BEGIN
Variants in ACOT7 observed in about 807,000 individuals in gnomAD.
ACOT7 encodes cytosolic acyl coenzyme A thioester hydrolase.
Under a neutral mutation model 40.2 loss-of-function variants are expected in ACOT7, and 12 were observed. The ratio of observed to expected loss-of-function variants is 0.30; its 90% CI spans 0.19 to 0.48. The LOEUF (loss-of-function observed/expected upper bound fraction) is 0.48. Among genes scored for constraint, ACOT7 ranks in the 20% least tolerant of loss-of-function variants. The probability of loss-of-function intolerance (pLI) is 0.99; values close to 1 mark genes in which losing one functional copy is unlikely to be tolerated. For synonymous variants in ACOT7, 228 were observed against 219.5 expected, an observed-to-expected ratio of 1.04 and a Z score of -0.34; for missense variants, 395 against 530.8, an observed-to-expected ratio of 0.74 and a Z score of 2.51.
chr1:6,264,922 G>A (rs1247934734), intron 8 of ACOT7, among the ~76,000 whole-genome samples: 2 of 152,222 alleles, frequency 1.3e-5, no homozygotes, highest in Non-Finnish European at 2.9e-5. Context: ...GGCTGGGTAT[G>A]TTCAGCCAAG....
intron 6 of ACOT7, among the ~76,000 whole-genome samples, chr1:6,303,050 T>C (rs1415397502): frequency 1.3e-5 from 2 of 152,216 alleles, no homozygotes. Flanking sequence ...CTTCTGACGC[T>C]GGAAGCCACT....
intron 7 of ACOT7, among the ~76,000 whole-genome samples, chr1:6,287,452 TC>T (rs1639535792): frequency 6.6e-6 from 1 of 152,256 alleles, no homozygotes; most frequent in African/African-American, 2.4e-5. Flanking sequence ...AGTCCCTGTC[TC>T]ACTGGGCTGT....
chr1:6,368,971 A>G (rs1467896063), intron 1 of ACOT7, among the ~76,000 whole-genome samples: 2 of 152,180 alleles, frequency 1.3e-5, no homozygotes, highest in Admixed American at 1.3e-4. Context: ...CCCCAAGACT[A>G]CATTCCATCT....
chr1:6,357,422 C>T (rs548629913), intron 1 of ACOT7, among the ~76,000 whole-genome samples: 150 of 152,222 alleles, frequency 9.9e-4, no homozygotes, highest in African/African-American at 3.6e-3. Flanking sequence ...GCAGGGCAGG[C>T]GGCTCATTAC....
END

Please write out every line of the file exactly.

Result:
Variants in ACOT7 observed in about 807,000 individuals in gnomAD.
ACOT7 encodes cytosolic acyl coenzyme A thioester hydrolase.
Under a neutral mutation model 40.2 loss-of-function variants are expected in ACOT7, and 12 were observed. The ratio of observed to expected loss-of-function variants is 0.30; its 90% CI spans 0.19 to 0.48. The LOEUF (loss-of-function observed/expected upper bound fraction) is 0.48. Among genes scored for constraint, ACOT7 ranks in the 20% least tolerant of loss-of-function variants. The probability of loss-of-function intolerance (pLI) is 0.99; values close to 1 mark genes in which losing one functional copy is unlikely to be tolerated. For synonymous variants in ACOT7, 228 were observed against 219.5 expected, an observed-to-expected ratio of 1.04 and a Z score of -0.34; for missense variants, 395 against 530.8, an observed-to-expected ratio of 0.74 and a Z score of 2.51.
chr1:6,264,922 G>A (rs1247934734), intron 8 of ACOT7, among the ~76,000 whole-genome samples: 2 of 152,222 alleles, frequency 1.3e-5, no homozygotes, highest in Non-Finnish European at 2.9e-5. Context: ...GGCTGGGTAT[G>A]TTCAGCCAAG....
intron 6 of ACOT7, among the ~76,000 whole-genome samples, chr1:6,303,050 T>C (rs1415397502): frequency 1.3e-5 from 2 of 152,216 alleles, no homozygotes. Flanking sequence ...CTTCTGACGC[T>C]GGAAGCCACT....
intron 7 of ACOT7, among the ~76,000 whole-genome samples, chr1:6,287,452 TC>T (rs1639535792): frequency 6.6e-6 from 1 of 152,256 alleles, no homozygotes; most frequent in African/African-American, 2.4e-5. Flanking sequence ...AGTCCCTGTC[TC>T]ACTGGGCTGT....
chr1:6,368,971 A>G (rs1467896063), intron 1 of ACOT7, among the ~76,000 whole-genome samples: 2 of 152,180 alleles, frequency 1.3e-5, no homozygotes, highest in Admixed American at 1.3e-4. Context: ...CCCCAAGACT[A>G]CATTCCATCT....
chr1:6,357,422 C>T (rs548629913), intron 1 of ACOT7, among the ~76,000 whole-genome samples: 150 of 152,222 alleles, frequency 9.9e-4, no homozygotes, highest in African/African-American at 3.6e-3. Flanking sequence ...GCAGGGCAGG[C>T]GGCTCATTAC....